So, me and BDSM. As I have mentioned before, I had a slightly unusual sexual education. I read fanfic, although at that point, I wasn’t very good at working out what kind of fanfic I liked and how to find what I wanted, so I basically just read everything, and a lot of it was fairly awful. Also, it was that alternative stuff on the internet, rather than mainstream culture, so while I was really pleased to be reading sexy stories about lesbian schoolgirls, part of me felt that it wasn’t really valid because I wasn’t seeing these ideas anywhere else. And I was so confused and innocent that I sort of felt that, if it wasn’t in mainstream culture, it wasn’t ‘real’.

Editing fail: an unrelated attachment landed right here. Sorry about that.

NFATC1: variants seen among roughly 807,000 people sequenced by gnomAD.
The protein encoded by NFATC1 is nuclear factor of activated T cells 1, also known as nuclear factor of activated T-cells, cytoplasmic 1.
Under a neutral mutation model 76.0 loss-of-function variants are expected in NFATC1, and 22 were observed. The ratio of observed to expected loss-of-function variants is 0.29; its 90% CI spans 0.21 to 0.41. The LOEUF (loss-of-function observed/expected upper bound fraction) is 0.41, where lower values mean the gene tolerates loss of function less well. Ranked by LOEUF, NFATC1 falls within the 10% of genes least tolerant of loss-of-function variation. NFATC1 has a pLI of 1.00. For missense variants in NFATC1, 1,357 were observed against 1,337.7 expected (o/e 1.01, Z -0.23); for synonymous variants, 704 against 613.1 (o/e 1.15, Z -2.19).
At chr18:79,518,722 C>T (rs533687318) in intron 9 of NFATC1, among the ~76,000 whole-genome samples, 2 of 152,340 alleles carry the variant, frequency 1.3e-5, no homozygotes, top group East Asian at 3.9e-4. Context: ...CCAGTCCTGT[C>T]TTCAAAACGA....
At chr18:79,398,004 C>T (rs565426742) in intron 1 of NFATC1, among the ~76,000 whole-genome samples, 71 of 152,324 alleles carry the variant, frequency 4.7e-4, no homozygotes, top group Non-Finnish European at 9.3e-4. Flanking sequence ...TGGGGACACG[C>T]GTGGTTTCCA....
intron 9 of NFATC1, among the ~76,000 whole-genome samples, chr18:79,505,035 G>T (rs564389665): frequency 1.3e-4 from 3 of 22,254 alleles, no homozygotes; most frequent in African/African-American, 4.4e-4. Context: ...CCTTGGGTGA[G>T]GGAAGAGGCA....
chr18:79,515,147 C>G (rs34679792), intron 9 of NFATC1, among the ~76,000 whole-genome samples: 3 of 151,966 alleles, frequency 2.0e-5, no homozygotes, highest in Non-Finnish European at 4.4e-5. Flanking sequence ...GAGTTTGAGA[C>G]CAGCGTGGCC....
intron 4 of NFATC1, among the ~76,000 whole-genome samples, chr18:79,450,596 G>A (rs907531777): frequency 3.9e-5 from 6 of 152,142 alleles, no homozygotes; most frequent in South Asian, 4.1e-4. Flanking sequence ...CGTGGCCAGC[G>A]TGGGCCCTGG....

Now, I was obsessed with fantasy novels. I discovered Lord of the Rings at age twelve, and quickly became an absolute fanatic. I used to hide in the SciFi & Fantasy section of the bookshop, flicking my way through endless titles about alternative universes and magical worlds. Robert Jordan, Terry Goodkind, Robin Hobb, Carol Berg, Jane Lindskold – I read them all, regardless of whether or not they were actually any good. You often get sex scenes in fantasy novels that are more graphic than you would find in any genre other than trashy romance (and I mean that as the name of the genre – I like trashy romance as much as anyone). I don’t know why this is, maybe it’s something to do with the fantasy setting lending itself to actual fantasies? Who knows. I was a horny fourteen-year-old, and I would latch onto to any books I thought might have sex scenes. So when I found a book with a cover illustration of a topless girl with downcast eyes, I bought it without hesitation.